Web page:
alexandria area since march. witnesses say hodgkinson was often seen at the ymca near the shooting scene. police came to his illinois home in march to investigate complaints that he was shooting in the woods. he did have a valid firearms license. he was not charged. hodgkinson former democratic presidential candidate bernie sanders and lashed out against republicans and president trump on social media. in march he wrote on facebook -- it's time to destroy trump and company. >> as we mentioned congressman roger williams and his legislative aide zach barth are recovering this morning. barth was shot in the leg while retrieving baseballs. the two men are joining us from the u.s. capitol. good morning to you both. there they are. congressman and zach barth. >> good morning. >> i can't tell you how thrilled we are to see you alive and able to communicate with us today. we are so glad you here. zach, i want to start with you. because during this horrible
situation, you managed to tweet that you were okay. you managed to call your mom. can you tell me what your thought process was at that time? >> sure. you know, i was out there shagging fly balls in center field when i heard a loud pop. then everybody stopped. we wondered what was going. we heard more pops, more cracks of the rifle. saw somebody with a long gun. somebody said shooters. they said run. i high tailed it to right field. there's nowhere for me to go. so i got on all fours and at that point i saw them train his gun at me. everything around me started to pop. i got hit in the leg and decided i was full of adrenaline, my flight or fight kicked in and if i wanted to live i need toed what act run for it. i made a run to the dugout. my single focus was to stay alive and keep everybody around me safe.
i kept my head down, we didn't know what was going on. but thank the lord for, you know, special agents griner and bailey. without them, i don't know that i'd be talking to you right now. >> congressman williams, what happened to you. >> well, i was hitting ground balls to trent kelly the third baseman and probably didn't realize the shooter was 20 yards behind me. so i finished and went over to the other side of the batting cage hitting ground balls to steve scalise. i hit a ground ball to him. we heard a pop like my thought it was possibly a car backfiring. then we heard pop, pop, pop. everybody yelled, he's got a gun. i ran for the dugout and it's about six foot in the ground. i literally dove into the dugout on the concrete. when i was in there a lot of my other colleagues were there. and i was -- i found myself with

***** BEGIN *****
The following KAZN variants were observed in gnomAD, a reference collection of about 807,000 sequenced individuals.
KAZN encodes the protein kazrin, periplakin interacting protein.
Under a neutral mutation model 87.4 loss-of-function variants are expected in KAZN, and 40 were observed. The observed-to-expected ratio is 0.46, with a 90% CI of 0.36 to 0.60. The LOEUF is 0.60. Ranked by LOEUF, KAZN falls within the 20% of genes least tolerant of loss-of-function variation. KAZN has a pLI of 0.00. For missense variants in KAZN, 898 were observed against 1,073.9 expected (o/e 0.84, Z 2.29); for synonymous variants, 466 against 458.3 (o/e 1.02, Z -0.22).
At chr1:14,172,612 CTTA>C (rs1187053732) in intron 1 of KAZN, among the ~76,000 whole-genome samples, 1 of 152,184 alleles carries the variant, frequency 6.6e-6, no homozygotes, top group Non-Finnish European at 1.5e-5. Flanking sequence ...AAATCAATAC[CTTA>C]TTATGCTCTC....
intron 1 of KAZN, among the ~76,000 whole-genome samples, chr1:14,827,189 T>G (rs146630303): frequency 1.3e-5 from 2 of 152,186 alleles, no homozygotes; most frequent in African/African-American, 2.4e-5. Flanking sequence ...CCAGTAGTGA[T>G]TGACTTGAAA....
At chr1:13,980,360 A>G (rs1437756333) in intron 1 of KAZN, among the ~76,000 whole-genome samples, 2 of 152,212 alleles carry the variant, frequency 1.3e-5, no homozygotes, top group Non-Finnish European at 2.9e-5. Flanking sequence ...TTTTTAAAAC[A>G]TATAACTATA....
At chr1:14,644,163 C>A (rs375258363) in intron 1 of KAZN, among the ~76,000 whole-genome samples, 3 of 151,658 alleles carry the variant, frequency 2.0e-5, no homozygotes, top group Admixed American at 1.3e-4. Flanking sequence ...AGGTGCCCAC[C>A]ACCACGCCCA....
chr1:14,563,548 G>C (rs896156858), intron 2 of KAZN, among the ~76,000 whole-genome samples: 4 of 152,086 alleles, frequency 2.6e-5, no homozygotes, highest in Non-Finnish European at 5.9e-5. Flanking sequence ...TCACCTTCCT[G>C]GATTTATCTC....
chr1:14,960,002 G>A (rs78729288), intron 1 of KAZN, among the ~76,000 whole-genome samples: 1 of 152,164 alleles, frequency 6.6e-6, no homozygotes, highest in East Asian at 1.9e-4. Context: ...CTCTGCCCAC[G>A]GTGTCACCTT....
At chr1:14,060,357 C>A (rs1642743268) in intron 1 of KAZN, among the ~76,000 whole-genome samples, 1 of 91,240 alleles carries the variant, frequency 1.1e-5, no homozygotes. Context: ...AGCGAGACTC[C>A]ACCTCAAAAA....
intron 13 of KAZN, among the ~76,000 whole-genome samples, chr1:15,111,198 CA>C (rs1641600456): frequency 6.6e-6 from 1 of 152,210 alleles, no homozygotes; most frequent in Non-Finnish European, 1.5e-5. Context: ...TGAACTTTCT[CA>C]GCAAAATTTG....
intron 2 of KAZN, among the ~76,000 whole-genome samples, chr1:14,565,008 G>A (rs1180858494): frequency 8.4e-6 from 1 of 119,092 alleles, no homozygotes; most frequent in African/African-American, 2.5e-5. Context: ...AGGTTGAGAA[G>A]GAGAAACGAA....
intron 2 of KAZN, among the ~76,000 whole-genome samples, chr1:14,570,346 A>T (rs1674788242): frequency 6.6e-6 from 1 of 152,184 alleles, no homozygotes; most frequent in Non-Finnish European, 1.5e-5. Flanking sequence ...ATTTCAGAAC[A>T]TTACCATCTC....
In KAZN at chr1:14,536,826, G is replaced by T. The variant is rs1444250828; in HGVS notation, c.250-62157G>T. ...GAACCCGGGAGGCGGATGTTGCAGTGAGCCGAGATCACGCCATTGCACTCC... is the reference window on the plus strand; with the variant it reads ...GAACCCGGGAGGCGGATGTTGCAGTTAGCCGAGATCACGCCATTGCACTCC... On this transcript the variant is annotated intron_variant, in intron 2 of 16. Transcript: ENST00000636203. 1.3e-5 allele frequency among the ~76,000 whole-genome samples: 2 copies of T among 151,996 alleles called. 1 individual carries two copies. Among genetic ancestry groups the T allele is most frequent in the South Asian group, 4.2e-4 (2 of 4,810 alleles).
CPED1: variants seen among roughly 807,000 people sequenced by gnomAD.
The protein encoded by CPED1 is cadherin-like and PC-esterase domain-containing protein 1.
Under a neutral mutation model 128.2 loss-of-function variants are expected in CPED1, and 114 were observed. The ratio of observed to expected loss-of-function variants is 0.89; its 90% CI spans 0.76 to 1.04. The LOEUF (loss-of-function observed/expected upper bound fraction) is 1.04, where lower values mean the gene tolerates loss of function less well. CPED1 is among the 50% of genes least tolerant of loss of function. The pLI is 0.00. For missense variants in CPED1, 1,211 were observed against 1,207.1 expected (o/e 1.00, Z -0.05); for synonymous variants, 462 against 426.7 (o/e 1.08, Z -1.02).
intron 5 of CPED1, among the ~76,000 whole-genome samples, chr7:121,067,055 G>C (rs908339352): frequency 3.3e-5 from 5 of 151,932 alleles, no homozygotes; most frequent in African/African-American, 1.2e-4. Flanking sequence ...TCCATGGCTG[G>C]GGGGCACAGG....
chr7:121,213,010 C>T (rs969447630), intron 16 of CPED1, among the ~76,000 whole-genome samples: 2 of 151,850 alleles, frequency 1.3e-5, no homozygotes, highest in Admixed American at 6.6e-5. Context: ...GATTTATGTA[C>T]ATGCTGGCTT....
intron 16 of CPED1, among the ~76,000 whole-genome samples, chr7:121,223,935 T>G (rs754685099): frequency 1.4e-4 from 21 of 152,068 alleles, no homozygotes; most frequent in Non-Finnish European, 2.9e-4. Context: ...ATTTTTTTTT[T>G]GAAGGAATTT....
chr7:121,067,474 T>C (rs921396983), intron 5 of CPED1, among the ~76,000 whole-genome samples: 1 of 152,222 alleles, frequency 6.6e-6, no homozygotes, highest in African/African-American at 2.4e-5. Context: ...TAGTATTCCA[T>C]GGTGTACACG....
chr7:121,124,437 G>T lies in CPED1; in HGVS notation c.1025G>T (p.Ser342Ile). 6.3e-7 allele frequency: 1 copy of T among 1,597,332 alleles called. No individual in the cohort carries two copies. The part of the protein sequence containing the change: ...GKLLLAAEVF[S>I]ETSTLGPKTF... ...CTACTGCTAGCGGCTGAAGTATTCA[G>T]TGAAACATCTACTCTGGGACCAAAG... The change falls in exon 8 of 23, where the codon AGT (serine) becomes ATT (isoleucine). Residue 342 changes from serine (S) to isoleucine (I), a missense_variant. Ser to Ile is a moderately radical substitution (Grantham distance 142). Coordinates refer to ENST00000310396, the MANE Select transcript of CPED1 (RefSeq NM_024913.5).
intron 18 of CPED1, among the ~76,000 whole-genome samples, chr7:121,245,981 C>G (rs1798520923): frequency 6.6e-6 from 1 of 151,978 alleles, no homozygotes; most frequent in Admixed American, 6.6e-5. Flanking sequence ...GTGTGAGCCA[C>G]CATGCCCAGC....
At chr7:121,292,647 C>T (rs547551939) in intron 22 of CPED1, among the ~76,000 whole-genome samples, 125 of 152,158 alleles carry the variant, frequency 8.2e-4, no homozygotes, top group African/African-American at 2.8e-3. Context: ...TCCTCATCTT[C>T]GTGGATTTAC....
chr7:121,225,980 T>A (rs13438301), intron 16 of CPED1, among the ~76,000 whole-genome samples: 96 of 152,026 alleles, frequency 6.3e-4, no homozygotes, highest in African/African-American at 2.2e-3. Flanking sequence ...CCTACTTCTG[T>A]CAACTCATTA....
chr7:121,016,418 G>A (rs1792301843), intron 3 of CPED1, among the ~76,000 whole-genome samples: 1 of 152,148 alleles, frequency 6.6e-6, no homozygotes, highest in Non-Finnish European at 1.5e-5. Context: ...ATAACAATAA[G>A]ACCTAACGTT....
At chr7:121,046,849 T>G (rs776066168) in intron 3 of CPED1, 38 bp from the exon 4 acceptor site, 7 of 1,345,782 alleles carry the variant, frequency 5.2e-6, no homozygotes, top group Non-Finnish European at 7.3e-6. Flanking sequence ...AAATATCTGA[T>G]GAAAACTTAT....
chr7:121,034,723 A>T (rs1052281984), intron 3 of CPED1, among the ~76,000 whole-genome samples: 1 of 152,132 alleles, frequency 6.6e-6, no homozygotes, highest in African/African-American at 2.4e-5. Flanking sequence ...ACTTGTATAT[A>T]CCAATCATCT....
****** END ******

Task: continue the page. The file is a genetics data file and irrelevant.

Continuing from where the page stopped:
senator flake and congressman mo brooks. we were there and then all of a sudden out of nowhere comes zach, my partner sitting here on the left. he was bleeding. mo brooks took his belt off and gave it to senator flake and i. we helped to make a tourniquet to cut his bleeding off. we kept our heads down. in this dugout was generation -- several generations. you had some -- late 06s like myself and we had jack barton, joe barton's son with us, 10 years old. it was crazy. we didn't know where the gunfire was coming from. so we're blessed but i want to tell you that as you have heard so many times these capitol police saved every one of our lives. we would not be here if it was not for the thin blue line that the capitol hill police and we owe it all to them. >> one of the questions that remains and the investigators are looking into, you think these were targeted shootings with someone in particular. a target.